This first of the two battles fought at Gravelines brings us down to 1558, the year in which Mary died, Elizabeth succeeded her, and a very different English age began.
LIFE AFLOAT IN TUDOR TIMES
Two stories from Hakluyt’s Voyages will illustrate what sort of work the English were attempting in America about 1530, near the middle of King Henry’s reign. The success of ‘Master Haukins’ and the failure of ‘Master Hore’ are quite typical of several other adventures in the New World.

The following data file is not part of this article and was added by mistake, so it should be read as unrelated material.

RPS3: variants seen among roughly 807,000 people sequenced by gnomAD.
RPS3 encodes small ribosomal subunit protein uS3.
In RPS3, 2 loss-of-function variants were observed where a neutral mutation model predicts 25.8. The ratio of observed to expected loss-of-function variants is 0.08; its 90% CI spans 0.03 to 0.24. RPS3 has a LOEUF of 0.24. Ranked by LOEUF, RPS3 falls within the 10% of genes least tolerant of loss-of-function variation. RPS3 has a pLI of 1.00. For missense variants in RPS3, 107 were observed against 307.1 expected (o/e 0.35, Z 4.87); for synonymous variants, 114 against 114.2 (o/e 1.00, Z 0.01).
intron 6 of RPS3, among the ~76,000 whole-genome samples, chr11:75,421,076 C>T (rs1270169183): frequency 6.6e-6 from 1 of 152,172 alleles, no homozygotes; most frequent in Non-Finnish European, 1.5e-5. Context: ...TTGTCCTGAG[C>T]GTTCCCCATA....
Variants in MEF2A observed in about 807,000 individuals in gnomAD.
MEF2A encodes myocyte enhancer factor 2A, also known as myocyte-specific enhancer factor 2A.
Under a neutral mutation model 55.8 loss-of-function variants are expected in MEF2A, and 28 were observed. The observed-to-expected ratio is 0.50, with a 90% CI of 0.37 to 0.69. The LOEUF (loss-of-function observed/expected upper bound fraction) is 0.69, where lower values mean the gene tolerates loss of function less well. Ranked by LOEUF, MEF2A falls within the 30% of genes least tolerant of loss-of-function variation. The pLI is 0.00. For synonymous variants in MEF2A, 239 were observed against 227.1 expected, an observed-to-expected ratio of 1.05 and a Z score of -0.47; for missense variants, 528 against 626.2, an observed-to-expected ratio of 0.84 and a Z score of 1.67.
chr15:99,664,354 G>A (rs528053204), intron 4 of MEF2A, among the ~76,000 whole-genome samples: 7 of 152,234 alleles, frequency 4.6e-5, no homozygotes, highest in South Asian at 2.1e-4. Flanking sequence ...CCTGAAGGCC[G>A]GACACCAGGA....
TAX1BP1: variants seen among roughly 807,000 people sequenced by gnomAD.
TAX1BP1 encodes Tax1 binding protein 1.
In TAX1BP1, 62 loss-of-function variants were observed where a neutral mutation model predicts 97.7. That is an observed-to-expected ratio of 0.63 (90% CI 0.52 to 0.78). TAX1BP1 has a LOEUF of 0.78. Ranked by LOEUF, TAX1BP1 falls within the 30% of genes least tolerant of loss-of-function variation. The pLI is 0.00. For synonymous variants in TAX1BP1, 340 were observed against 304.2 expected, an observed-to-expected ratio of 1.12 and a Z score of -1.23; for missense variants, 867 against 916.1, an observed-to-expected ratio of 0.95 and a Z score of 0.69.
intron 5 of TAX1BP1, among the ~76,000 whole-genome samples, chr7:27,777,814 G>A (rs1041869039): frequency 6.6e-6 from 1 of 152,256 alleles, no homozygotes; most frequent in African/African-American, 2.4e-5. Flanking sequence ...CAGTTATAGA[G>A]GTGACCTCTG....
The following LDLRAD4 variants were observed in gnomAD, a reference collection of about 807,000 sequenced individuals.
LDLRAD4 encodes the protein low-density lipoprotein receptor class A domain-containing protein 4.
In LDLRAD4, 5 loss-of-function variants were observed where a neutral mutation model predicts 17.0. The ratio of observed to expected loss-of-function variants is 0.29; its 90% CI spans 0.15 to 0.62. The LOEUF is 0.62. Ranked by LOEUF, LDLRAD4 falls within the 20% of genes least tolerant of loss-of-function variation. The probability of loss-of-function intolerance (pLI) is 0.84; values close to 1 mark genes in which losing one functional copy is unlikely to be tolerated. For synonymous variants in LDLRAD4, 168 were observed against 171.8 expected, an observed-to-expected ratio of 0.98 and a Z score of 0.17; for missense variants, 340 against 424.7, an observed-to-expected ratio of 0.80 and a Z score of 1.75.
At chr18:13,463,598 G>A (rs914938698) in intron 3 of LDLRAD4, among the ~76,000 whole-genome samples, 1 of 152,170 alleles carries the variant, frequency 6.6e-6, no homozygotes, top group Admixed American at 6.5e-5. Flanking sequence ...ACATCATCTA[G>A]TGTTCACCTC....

’Olde M. William Haukins of Plimmouth, a man for his wisdome, valure, experience, and skill in sea causes much esteemed and beloved of King Henry the eight, and being one of the principall Sea Captaines in the West partes of England in his time, not contented with the short voyages commonly then made onely to the knowen coastes of Europe, armed out a tall and goodlie ship of his owne, of the burthen of 250 tunnes, called the Pole of Plimmouth, wherewith he made three long and famous voyages vnto the coast of Brasill, a thing in those days very rare, especially to our Nation.’ Hawkins first went down the Guinea Coast of Africa, ‘where he trafiqued with the Negroes, and tooke of them Oliphants’ teeth, and other commodities which that place yeeldeth; and so arriving on the coast of Brasil, used there such discretion, and behaved himselfe so wisely with those savage people, that he grew into great familiaritie and friendship with them. Insomuch that in his 2 voyage one of the savage kings of the Countrey of Brasil was contented to take ship with him, and to be transported hither into England. This kinge was presented unto King Henry 8. The King and all the Nobilitie did not a little marvel; for in his cheeks were holes, and therein small bones planted, which in his Countrey was reputed for a great braverie.’ The poor Brazilian monarch died on his voyage back, which made Hawkins fear for the life of Martin Cockeram, whom he had left in Brazil as a hostage. However, the Brazilians took Hawkins’s word for it and released Cockeram, who lived another forty years in Plymouth. ’Olde M. William Haukins’ was the father of Sir John Hawkins, Drake’s companion in arms, whom we shall meet later. He was also the grandfather of Sir Richard Hawkins, another naval hero, and of the second William Hawkins, one of the founders of the greatest of all chartered companies, the Honourable East India Company.